ILAB spoke to one of the newer members of the Antiquarian Booksellers Association, Anke Timmermann who jointly owns and runs the business Type & Forme with her partner Mark James: "...the printed book and manuscripts have lost none of their allure in the new millennium, and antiquarian books are arguably even better appreciated in recent years ... Social media, especially Instagram, have brought forth a new generation of bibliophiles..."
Indeed, “Books don’t just furnish a room,” Michael Dirda writes in Browsings. “. . . Digital texts are all well and good, but books on shelves are a presence in your life. As such, they become a part of your day-to-day existence, reminding you, chastising you, calling to you. Plus, book collecting is, hands down, the greatest pastime in the world.”
Leonardo da Vinci was a tireless and inquisitive reader. He owned more than 200 books about science and technology as well as literary and religious topics. An exhibition organized by the Max Planck Institute for the History of Science and the Berlin State Library at the Museo Galileo in Florence sheds new light on the intellectual cosmos of the artist, engineer, and philosopher, who remains as fascinating as ever 500 years after his death.
One exciting find was Amy M. Sacker's design on Sweet Peggy by Linnie S. Harris [Little, Brown & Company, 1904]. Like many of their rebound books, the replacement endpapers are acidic, have turned brown and are disintegrating, but this does not affect the cover art. Considering the amount of use this volume must have had, the design remains bright on the cover and spine, with just a few smudges that can be cleaned. What's exciting about it? It's not just that it's a good cover design by an important artist, and one that adopts Thomas Watson Ball's style of clouds. This is a rare book.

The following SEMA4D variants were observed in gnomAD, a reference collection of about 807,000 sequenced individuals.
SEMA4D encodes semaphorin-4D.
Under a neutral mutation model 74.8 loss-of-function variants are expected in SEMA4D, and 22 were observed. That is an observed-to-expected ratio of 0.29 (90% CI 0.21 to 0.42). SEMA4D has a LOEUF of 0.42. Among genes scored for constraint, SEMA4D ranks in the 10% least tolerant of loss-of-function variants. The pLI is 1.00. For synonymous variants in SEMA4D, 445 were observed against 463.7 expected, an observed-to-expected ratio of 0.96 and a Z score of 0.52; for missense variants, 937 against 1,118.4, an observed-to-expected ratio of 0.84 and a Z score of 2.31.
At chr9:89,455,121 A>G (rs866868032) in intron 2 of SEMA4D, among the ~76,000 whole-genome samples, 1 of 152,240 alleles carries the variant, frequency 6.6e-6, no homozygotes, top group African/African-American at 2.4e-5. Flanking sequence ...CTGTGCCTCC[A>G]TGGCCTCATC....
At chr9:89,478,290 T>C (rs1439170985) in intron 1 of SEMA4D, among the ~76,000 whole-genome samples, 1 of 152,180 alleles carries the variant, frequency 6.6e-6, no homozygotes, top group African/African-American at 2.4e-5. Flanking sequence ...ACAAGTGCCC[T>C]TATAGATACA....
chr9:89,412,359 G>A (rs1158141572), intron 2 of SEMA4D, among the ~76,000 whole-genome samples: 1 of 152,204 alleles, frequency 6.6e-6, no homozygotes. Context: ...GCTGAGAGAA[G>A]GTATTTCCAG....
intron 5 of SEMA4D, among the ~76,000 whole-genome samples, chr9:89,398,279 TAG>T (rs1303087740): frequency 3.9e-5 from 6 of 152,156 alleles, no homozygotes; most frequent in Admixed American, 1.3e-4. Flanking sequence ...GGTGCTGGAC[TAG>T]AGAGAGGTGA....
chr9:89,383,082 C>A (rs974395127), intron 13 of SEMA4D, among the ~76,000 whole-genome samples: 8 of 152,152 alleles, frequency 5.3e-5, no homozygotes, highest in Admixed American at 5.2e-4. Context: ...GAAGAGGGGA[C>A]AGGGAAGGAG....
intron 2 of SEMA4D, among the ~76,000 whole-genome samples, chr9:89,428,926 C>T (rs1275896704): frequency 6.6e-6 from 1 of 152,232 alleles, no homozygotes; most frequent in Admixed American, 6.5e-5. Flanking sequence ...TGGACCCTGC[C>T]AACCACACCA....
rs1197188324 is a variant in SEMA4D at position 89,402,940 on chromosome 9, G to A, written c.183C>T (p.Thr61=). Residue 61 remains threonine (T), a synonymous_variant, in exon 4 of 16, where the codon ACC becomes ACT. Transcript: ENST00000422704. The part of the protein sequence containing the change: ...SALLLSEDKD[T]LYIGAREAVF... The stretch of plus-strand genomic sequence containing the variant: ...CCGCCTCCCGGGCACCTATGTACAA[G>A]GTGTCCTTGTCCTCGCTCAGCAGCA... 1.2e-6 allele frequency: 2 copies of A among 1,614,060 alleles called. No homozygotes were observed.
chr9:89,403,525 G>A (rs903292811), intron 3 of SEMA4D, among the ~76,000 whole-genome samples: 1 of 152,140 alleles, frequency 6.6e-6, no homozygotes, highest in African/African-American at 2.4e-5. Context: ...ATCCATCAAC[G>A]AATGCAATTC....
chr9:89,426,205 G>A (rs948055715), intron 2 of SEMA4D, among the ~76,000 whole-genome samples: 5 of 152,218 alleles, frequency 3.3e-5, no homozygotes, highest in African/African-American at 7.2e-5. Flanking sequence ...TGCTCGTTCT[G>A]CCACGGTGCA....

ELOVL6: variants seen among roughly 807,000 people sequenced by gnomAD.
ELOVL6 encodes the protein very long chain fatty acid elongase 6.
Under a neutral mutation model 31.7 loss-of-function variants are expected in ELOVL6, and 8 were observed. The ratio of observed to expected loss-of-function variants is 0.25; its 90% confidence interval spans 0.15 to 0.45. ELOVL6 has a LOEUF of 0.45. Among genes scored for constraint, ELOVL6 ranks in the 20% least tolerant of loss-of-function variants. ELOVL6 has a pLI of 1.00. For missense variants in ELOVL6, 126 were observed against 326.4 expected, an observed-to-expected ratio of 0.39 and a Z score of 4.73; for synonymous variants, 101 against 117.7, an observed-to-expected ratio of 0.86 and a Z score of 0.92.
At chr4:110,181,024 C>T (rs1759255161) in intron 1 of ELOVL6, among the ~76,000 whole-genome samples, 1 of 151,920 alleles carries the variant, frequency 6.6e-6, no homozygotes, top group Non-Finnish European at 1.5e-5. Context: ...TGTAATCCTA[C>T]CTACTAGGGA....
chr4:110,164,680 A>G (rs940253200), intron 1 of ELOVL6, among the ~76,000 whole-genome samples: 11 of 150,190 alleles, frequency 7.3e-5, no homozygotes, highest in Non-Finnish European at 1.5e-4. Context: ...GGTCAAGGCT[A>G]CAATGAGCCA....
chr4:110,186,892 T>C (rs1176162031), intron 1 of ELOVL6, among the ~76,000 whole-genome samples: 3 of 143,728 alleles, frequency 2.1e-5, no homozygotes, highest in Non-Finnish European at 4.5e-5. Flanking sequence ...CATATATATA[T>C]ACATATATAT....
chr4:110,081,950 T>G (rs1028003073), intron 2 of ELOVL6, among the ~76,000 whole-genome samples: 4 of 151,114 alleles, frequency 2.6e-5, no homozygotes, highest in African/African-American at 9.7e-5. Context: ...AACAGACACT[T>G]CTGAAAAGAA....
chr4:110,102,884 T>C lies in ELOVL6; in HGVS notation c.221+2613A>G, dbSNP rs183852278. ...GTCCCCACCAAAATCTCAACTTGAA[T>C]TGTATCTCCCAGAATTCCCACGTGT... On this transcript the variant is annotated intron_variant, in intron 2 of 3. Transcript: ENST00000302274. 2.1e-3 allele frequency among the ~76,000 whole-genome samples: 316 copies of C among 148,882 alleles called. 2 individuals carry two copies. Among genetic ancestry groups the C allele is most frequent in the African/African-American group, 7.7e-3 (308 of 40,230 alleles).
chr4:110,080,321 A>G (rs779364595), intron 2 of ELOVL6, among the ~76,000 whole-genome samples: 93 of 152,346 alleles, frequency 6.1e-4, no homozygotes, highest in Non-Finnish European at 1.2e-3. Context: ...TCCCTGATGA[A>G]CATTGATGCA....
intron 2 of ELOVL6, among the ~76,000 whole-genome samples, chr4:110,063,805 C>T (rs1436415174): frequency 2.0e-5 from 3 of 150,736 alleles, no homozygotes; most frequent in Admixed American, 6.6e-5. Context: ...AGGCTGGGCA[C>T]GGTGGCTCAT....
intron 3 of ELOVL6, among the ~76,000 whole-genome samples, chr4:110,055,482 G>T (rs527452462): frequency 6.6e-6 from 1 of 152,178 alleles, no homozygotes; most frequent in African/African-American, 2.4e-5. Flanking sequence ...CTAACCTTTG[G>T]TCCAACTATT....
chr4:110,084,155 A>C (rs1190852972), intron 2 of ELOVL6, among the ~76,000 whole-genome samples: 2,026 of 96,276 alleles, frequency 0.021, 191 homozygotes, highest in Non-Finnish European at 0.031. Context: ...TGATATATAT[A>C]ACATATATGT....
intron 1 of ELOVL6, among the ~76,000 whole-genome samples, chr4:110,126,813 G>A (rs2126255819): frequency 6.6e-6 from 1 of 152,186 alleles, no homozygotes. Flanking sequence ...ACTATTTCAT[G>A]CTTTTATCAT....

The 56th Stuttgart Antiquarian Book Fair, organised by the German association Verband der Antiquare and under the auspices of ILAB, is the 2nd oldest antiquarian fair in Europe.It is the most important event for antiquarians, autograph and print dealers in Germany and the first major event in the new year for the international antiquarian book trade and book collector.
London - with its long history of book production, its role as one of the world's major publishing centres, its famous libraries, museums, archives, and antiquarian bookshops - is the ideal place in which to study the history of the book. And the London Rare Books School (LRBS) is one of the world's leading institutions in this field. In June and July 2016 London Rare Books Schools once again offers a series of five-day, intensive courses on a variety of book-related subjects to be taught in and around Senate House which is the centre of the University of London's federal system. The courses are taught by internationally renowned scholars, including the ILAB affiliates and ABA members Angus O'Neill and Laurence Worms, using the unrivalled library and museum resources of London, including the British Library, the Victoria and Albert Museum, Senate House Libraries, and many more.
The antiquarian booksellers of Japan are preparing for the great day on 23 April 2015. At the general meeting of the Antiquarian Booksellers' Association of Japan (ABAJ) in Tokyo on Monday evening they discussed the final plans for the big ILAB Pop Up Book Fair at the World Antiquarian Book Plaza where the Japanese booksellers will welcome visitors and raise money for the UNESCO literacy projects all day. As a big step ahead the ABAJ booksellers themselves made a very generous donation of 77.000 Japanese Yen! The pictures show how they fill their first Empty Bookcase poster with symbolic spines.